Having dropped our son at a friends house for the day and not being able to convince our fifteen year old daughter to accompany us we were child free!
A Place Steeped in History
Yackandandah is a historic town located 308km from Melbourne and is situated close to the New South Wales border. At the time of writing this article we are unable to go across the state border without a permit! Yackandandah is Jiatmathang country and the Aboriginal word for the town is Dhudhuroa meaning one boulder on top of another at the junction of two creeks. European settlement began in 1824 and the with the discovery of gold in late 1852 there came a surge of alluvial miners settling in the region. From then on Yackandandah became a thriving town and many of the original buildings and disused mines from that era are still in existence today.
The Gorge Walk
This is a gentle, easy track that meanders alongside the Yackandandah Creek. The walk took us around 90 minutes to complete (with frequent stops) starting and finishing at Yackandandah High Street. For more details on the walk visit Explore Yackandandah’s website.
To start the walk turn left on Wellsford Street at the top of the High Street, cross the bridge over Yackandandah Creek and immediately turn right onto the path. You will see a sign and information board explaining the historic significance of the walk.
At the beginning of the walk you will pass tennis courts and the sports ground on your lefthand side. This part of the trail is suitable for prams and bikes. I have read that there is a resident Platypus in the creek here, sadly we didn’t see it.
There are times when the path forks and you’re not certain which route to take. We found that both ways would take you to the same place but one path just took you closer alongside the creek. There are plenty of opportunities to stop and watch the water racing down the creek and I can only imagine how beautiful and refreshing it would be to take a dip in the hotter months of the year.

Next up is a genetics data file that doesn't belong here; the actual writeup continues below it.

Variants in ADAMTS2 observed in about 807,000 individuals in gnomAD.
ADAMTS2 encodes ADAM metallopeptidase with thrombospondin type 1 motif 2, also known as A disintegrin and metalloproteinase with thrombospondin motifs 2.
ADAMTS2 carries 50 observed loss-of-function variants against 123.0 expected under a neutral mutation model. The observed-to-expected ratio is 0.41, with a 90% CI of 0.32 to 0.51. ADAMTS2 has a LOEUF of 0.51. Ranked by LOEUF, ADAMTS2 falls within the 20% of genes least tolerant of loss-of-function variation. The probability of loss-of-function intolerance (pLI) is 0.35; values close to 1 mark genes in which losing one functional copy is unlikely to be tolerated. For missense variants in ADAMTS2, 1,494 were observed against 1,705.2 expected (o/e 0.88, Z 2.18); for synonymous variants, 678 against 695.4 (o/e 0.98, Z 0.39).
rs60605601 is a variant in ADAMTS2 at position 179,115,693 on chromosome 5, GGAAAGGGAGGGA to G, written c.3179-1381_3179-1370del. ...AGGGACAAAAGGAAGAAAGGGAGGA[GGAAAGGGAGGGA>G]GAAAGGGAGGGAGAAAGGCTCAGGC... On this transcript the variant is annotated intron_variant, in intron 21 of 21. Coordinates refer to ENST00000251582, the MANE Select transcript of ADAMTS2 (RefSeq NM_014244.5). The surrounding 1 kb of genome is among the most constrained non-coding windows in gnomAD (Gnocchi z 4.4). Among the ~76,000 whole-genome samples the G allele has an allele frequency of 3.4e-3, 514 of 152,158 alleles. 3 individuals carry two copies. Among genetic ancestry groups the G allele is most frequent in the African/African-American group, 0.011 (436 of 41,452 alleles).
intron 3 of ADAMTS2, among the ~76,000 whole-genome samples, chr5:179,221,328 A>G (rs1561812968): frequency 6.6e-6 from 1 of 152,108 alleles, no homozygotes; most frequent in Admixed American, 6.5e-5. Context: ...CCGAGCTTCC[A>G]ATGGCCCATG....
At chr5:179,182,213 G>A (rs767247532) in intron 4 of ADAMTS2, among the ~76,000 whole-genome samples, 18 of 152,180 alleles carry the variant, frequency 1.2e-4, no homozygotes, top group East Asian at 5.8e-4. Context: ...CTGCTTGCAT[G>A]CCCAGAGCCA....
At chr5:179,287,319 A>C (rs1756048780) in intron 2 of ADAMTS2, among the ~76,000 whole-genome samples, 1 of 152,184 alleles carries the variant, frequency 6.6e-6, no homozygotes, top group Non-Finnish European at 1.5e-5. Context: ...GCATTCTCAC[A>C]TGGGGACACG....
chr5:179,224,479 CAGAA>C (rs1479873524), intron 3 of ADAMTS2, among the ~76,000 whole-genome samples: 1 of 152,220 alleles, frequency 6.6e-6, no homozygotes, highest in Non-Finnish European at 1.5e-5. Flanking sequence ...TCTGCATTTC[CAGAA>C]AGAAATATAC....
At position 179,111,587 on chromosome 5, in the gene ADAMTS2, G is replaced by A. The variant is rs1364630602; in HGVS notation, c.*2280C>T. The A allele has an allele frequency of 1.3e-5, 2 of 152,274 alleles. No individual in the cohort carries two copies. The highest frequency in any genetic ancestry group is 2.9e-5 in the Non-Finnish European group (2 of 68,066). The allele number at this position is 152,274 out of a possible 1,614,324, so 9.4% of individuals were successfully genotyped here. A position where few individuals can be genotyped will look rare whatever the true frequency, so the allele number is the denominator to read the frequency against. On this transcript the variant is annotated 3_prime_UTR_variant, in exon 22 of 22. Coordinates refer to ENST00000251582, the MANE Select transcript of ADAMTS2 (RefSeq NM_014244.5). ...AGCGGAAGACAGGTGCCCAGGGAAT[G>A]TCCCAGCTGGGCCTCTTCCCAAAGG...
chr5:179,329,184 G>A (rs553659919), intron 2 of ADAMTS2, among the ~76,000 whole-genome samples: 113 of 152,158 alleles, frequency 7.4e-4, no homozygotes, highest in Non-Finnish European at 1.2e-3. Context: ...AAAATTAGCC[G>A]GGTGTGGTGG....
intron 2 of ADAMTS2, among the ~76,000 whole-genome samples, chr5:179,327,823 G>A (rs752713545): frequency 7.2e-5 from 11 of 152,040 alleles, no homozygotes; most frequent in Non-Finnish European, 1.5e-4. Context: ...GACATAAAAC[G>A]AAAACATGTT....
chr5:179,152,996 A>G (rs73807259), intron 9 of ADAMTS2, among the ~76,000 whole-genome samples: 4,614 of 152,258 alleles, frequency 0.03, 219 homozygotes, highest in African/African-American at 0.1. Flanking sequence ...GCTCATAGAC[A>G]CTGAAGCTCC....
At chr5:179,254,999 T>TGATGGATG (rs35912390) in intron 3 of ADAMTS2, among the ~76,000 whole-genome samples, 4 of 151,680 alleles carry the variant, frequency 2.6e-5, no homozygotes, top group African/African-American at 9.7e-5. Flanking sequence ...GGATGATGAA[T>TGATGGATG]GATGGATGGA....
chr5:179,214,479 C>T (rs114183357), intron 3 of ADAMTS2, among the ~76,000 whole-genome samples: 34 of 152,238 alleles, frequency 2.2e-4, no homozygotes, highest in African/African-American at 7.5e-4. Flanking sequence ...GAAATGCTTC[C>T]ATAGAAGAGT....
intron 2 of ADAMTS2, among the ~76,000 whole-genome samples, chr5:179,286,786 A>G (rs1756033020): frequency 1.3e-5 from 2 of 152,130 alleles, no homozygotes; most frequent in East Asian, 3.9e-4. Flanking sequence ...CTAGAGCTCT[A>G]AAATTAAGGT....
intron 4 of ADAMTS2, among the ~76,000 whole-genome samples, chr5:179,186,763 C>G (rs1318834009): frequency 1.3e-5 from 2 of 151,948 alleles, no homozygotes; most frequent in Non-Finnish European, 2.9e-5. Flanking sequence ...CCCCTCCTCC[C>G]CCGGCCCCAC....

There are several information boards along the route that are worth taking the time to stop and read.
A variety of bird life
What a great joint initiative
To save you the effort of climbing a hill unnecessarily, as we did, make sure you take the pathway on the right shortly after the bird information board. You will see another information board further along the path so you know you’re on the right path.
A short time later the bushland opens up and you will reach the miners gorge. Before you cross the bridge over the creek take sometime to sit on the rocks and listen to the sound of the energetic water rushing along.
Walk onto the bridge to observe the incredible gorge and you will realise why this place is so special. The 100 metre gorge was created by miners in 1858 so they could sluice gravel and sand in the hope of finding gold. They cut through the granite using only picks, shovels and blasting powder, it’s an impressive achievement.
After crossing the bridge the path gets fairly steep and slippery and extra care needs to be taken when it is wet.
Continue along the path for a few hundred metres and you will arrive at the dam wall. The dam wall was built to divert the creek and is believed to have powered a water driven timber mill. At a later date in 1859 a tail race was constructed when the miners deepened the gorge with the use of dynamite.
Shortly after the dam wall you will come across a wooden stye that doesn’t look like it goes anywhere. Being the curious people we are we decided to scramble over the stye and check out the other side. There were lots of blackberry bushes on the side of the path so care needed to be taken not to cut ourselves on the thorns. We discovered the path ended abruptly just around the corner so you won’t miss anything if you don’t go over the stye.
To return to the High Street you can either walk along Bells Flat Road (about 2kms) or return back the same way as you came.
Yackandandah is an attractive, quaint town with many historic buildings from the gold mining days. A considerable number of these buildings have become boutique shops or eateries. The town became better known when the film ‘ Strange Bed Fellows’ starring Michael Caton and Paul Hogan was filmed on location in the High Street.
The town also has a very strong community and it shows in many of the initiatives undertaken. One such example is Totally Renewable Yackandandah, a 100% volunteer run group with a goal of powering the town with 100% renewable energy and achieving energy sovereignty by 2022.
You are spoiled for choice when it comes to dining in Yackandandah with two pubs, numerous cafes, an asian restaurant, a bakery and our favourite Gum Tree Pies. We couldn’t visit Yackandandah without enjoying one of their delicious pies, go and google them and you will see the positive reviews from all around Australia.
To finish off the perfect day we soaked up the beautiful winter sun with a hot drink at Sir Isaac Isaacs Park. The park is named after Sir Isaac Isaacs who was born in Yackandandah in 1855 and was the first Australian born governor-general. The park has an excellent playground, public toilets, electric barbecues and plenty of picnic tables.
Next time you are able to visit North East Victoria be sure to spend a day in the beautiful town of Yackandandah. You won’t be disappointed.
Let me know about your experiences in Yackandandah.